Neutrinos: 1968

In 1964, Raymond Davis Jr. and John N. Bahcall proposed that an experiment with 100,000 gallons of cleaning fluid (perchloroethylene, which is mostly composed of chlorine) could provide a critical test of the idea that nuclear fusion reactions are the ultimate source of solar radiation which was eventually conducted in the year 1968.

"We argued that, if our understanding of nuclear processes in the interior of the sun was correct, then solar neutrinos would be captured at a rate Davis could measure with a large tank filled with cleaning fluid. When neutrinos interact with chlorine, they occasionally produce a radioactive isotope of argon. Davis had shown previously that he could extract tiny amounts of neutrino-produced argon from large quantities of perchloroethylene. To do the solar neutrino experiment, he had to be spectacularly clever since according to my calculations only, a few atoms would be produced per week in a huge Olympic-sized swimming pool of cleaning fluid.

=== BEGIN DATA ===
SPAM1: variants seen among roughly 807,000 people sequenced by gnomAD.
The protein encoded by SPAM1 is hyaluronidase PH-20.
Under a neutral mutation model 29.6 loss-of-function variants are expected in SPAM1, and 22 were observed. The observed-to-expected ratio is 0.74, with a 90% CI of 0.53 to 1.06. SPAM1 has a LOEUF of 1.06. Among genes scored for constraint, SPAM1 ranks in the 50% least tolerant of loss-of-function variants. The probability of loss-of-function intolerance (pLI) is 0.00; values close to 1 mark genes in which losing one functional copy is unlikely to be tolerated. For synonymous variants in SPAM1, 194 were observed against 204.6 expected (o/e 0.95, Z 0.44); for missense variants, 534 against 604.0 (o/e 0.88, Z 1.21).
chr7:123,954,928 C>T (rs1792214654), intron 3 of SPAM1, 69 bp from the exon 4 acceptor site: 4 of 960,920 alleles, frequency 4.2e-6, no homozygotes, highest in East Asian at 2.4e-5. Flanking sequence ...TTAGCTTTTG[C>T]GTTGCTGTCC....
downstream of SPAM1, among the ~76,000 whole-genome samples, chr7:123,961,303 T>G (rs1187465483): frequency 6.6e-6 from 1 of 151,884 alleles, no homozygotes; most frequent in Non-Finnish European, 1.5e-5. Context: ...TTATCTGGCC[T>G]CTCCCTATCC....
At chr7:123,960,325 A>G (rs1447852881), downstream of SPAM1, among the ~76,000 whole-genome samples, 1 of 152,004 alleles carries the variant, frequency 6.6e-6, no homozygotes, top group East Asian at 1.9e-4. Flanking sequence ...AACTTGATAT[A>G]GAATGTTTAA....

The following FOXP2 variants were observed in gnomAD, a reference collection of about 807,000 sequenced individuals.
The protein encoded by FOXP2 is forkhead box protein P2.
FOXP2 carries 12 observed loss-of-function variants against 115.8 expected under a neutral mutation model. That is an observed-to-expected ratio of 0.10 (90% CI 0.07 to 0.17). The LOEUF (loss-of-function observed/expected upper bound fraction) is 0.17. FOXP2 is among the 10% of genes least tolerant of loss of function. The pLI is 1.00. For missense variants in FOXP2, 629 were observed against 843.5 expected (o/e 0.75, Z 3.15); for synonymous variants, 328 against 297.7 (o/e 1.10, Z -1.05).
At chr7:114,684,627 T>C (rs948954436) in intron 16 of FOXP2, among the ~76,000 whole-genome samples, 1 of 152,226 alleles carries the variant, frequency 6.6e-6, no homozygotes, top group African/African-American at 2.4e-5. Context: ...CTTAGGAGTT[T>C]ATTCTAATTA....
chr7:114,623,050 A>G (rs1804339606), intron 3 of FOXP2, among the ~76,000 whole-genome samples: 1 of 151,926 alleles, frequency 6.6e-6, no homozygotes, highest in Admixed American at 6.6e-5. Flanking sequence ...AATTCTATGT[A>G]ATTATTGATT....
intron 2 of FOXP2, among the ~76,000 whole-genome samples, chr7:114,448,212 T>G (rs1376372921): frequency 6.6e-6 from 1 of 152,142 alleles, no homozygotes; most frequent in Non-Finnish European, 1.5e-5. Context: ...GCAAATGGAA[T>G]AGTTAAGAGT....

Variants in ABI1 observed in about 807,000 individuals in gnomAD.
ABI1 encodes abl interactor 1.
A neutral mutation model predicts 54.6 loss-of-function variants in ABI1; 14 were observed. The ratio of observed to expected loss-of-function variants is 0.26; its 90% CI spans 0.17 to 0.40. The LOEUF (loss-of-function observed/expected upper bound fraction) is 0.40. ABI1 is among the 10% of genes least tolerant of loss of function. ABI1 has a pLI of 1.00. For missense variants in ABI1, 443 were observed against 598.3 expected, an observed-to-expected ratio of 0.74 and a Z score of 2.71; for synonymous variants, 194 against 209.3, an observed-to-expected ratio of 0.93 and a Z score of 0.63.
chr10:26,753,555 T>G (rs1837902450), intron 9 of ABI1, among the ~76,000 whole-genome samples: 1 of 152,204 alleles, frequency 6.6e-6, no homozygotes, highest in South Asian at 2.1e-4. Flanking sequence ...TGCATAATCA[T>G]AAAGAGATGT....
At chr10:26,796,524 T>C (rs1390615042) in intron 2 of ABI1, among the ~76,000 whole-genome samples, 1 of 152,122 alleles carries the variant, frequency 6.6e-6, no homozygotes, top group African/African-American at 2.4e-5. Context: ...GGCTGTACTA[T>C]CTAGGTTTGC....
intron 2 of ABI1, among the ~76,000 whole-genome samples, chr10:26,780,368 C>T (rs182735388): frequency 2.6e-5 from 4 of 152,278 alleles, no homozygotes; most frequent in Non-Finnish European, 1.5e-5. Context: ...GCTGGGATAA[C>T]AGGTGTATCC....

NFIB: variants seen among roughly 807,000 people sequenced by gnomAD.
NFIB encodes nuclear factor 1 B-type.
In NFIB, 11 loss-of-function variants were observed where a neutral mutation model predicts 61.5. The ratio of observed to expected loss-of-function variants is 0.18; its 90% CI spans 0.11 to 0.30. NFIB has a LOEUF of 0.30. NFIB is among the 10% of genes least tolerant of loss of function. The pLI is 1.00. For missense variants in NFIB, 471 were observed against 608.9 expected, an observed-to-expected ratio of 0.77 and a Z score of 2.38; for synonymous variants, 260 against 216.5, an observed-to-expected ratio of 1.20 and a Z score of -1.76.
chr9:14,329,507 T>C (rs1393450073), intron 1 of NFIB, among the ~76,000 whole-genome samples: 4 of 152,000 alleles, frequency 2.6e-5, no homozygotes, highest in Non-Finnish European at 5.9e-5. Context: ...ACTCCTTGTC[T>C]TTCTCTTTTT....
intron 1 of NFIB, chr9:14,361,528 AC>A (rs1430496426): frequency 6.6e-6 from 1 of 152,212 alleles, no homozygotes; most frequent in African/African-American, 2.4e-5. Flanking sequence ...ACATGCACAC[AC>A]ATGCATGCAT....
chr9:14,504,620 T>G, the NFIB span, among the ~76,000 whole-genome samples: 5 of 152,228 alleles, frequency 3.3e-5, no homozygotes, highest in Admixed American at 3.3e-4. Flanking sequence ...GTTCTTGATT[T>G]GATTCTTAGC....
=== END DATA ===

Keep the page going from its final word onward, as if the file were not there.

Our sole motivation for urging this experiment was to use neutrinos to enable us to see into the interior of a star and thus verify directly the hypothesis of nuclear energy generation in stars. As we shall see, Davis and I did not anticipate some of the most interesting aspects of this proposal.

Davis performed the experiment and in 1968 announced the first results. He measured fewer neutrinos than I predicted. As the experiment and the theory were refined, the disagreement appeared more robust. Scientists rejoiced that solar neutrinos were detected but worried why there were fewer neutrinos than predicted.

What was wrong? Was our understanding of how the sun shines incorrect? Had I made an error in calculating the rate at which solar neutrinos would be captured in Davis's tank? Was the experiment wrong? Or, did something happen to the neutrinos after they were created in the sun? Over the next twenty years, many different possibilities were examined by hundreds, and perhaps thousands, of physicists, chemists, and astronomers. Both the experiment and the theoretical calculation appeared to be correct."

--John N. Bahcall